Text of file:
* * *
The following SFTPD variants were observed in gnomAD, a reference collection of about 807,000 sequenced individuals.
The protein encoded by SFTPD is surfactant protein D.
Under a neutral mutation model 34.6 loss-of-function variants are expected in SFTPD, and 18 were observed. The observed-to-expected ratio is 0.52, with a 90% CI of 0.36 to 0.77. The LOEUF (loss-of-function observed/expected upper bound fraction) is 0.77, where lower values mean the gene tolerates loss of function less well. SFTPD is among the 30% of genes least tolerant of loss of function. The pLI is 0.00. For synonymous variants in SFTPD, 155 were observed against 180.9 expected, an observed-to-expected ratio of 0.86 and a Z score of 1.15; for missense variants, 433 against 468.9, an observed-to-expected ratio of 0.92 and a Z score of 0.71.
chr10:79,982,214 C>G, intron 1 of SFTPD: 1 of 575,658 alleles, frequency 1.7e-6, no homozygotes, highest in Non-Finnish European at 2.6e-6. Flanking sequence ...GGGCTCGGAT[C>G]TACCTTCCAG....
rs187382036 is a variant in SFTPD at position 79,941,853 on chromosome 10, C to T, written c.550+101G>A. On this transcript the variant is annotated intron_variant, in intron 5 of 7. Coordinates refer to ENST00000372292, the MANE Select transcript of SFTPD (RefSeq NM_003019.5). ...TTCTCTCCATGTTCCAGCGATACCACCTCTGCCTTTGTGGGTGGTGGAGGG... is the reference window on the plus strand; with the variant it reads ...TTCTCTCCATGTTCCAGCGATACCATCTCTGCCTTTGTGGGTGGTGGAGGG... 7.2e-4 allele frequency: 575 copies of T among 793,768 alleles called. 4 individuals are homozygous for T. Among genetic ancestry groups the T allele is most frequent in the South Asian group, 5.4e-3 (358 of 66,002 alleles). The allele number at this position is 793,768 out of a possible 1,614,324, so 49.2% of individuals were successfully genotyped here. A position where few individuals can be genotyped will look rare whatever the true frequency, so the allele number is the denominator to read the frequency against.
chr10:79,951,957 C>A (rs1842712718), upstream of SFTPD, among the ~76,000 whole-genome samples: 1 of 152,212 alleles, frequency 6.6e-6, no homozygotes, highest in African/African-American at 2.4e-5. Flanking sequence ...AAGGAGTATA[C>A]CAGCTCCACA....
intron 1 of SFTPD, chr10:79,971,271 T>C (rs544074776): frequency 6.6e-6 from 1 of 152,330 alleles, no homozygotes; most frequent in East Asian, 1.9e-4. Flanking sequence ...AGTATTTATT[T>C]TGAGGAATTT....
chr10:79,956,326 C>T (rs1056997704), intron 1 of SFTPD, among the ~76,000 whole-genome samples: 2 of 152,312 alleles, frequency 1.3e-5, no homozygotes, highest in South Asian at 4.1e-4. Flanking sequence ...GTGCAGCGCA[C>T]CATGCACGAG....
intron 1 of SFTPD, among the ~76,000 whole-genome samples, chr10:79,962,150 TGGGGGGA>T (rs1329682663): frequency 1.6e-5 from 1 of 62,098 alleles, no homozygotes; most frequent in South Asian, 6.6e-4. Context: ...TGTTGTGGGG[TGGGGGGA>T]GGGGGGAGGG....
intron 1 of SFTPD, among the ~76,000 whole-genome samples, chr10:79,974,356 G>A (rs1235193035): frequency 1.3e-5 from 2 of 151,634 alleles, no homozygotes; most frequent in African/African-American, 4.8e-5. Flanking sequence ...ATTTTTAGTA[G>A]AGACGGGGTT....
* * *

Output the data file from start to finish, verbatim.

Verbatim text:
The following SFTPD variants were observed in gnomAD, a reference collection of about 807,000 sequenced individuals.
The protein encoded by SFTPD is surfactant protein D.
Under a neutral mutation model 34.6 loss-of-function variants are expected in SFTPD, and 18 were observed. The observed-to-expected ratio is 0.52, with a 90% CI of 0.36 to 0.77. The LOEUF (loss-of-function observed/expected upper bound fraction) is 0.77, where lower values mean the gene tolerates loss of function less well. SFTPD is among the 30% of genes least tolerant of loss of function. The pLI is 0.00. For synonymous variants in SFTPD, 155 were observed against 180.9 expected, an observed-to-expected ratio of 0.86 and a Z score of 1.15; for missense variants, 433 against 468.9, an observed-to-expected ratio of 0.92 and a Z score of 0.71.
chr10:79,982,214 C>G, intron 1 of SFTPD: 1 of 575,658 alleles, frequency 1.7e-6, no homozygotes, highest in Non-Finnish European at 2.6e-6. Flanking sequence ...GGGCTCGGAT[C>G]TACCTTCCAG....
rs187382036 is a variant in SFTPD at position 79,941,853 on chromosome 10, C to T, written c.550+101G>A. On this transcript the variant is annotated intron_variant, in intron 5 of 7. Coordinates refer to ENST00000372292, the MANE Select transcript of SFTPD (RefSeq NM_003019.5). ...TTCTCTCCATGTTCCAGCGATACCACCTCTGCCTTTGTGGGTGGTGGAGGG... is the reference window on the plus strand; with the variant it reads ...TTCTCTCCATGTTCCAGCGATACCATCTCTGCCTTTGTGGGTGGTGGAGGG... 7.2e-4 allele frequency: 575 copies of T among 793,768 alleles called. 4 individuals are homozygous for T. Among genetic ancestry groups the T allele is most frequent in the South Asian group, 5.4e-3 (358 of 66,002 alleles). The allele number at this position is 793,768 out of a possible 1,614,324, so 49.2% of individuals were successfully genotyped here. A position where few individuals can be genotyped will look rare whatever the true frequency, so the allele number is the denominator to read the frequency against.
chr10:79,951,957 C>A (rs1842712718), upstream of SFTPD, among the ~76,000 whole-genome samples: 1 of 152,212 alleles, frequency 6.6e-6, no homozygotes, highest in African/African-American at 2.4e-5. Flanking sequence ...AAGGAGTATA[C>A]CAGCTCCACA....
intron 1 of SFTPD, chr10:79,971,271 T>C (rs544074776): frequency 6.6e-6 from 1 of 152,330 alleles, no homozygotes; most frequent in East Asian, 1.9e-4. Flanking sequence ...AGTATTTATT[T>C]TGAGGAATTT....
chr10:79,956,326 C>T (rs1056997704), intron 1 of SFTPD, among the ~76,000 whole-genome samples: 2 of 152,312 alleles, frequency 1.3e-5, no homozygotes, highest in South Asian at 4.1e-4. Flanking sequence ...GTGCAGCGCA[C>T]CATGCACGAG....
intron 1 of SFTPD, among the ~76,000 whole-genome samples, chr10:79,962,150 TGGGGGGA>T (rs1329682663): frequency 1.6e-5 from 1 of 62,098 alleles, no homozygotes; most frequent in South Asian, 6.6e-4. Context: ...TGTTGTGGGG[TGGGGGGA>T]GGGGGGAGGG....
intron 1 of SFTPD, among the ~76,000 whole-genome samples, chr10:79,974,356 G>A (rs1235193035): frequency 1.3e-5 from 2 of 151,634 alleles, no homozygotes; most frequent in African/African-American, 4.8e-5. Flanking sequence ...ATTTTTAGTA[G>A]AGACGGGGTT....